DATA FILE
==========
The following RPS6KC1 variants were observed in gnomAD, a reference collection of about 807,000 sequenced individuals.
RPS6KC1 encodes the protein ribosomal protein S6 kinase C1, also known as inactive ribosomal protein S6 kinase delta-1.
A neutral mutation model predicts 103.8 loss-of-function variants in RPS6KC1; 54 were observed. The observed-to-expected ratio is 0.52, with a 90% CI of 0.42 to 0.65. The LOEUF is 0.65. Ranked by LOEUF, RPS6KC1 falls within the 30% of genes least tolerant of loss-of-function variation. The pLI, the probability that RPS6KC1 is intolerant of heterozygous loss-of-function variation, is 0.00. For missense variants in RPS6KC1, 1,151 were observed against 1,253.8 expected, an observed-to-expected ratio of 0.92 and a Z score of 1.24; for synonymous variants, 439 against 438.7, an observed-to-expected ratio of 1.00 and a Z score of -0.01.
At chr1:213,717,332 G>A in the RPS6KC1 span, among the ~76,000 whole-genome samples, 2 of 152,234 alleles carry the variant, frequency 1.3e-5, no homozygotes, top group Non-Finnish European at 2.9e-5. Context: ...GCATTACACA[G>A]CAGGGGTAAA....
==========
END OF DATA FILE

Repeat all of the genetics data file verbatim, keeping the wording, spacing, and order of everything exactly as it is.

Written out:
The following RPS6KC1 variants were observed in gnomAD, a reference collection of about 807,000 sequenced individuals.
RPS6KC1 encodes the protein ribosomal protein S6 kinase C1, also known as inactive ribosomal protein S6 kinase delta-1.
A neutral mutation model predicts 103.8 loss-of-function variants in RPS6KC1; 54 were observed. The observed-to-expected ratio is 0.52, with a 90% CI of 0.42 to 0.65. The LOEUF is 0.65. Ranked by LOEUF, RPS6KC1 falls within the 30% of genes least tolerant of loss-of-function variation. The pLI, the probability that RPS6KC1 is intolerant of heterozygous loss-of-function variation, is 0.00. For missense variants in RPS6KC1, 1,151 were observed against 1,253.8 expected, an observed-to-expected ratio of 0.92 and a Z score of 1.24; for synonymous variants, 439 against 438.7, an observed-to-expected ratio of 1.00 and a Z score of -0.01.
At chr1:213,717,332 G>A in the RPS6KC1 span, among the ~76,000 whole-genome samples, 2 of 152,234 alleles carry the variant, frequency 1.3e-5, no homozygotes, top group Non-Finnish European at 2.9e-5. Context: ...GCATTACACA[G>A]CAGGGGTAAA....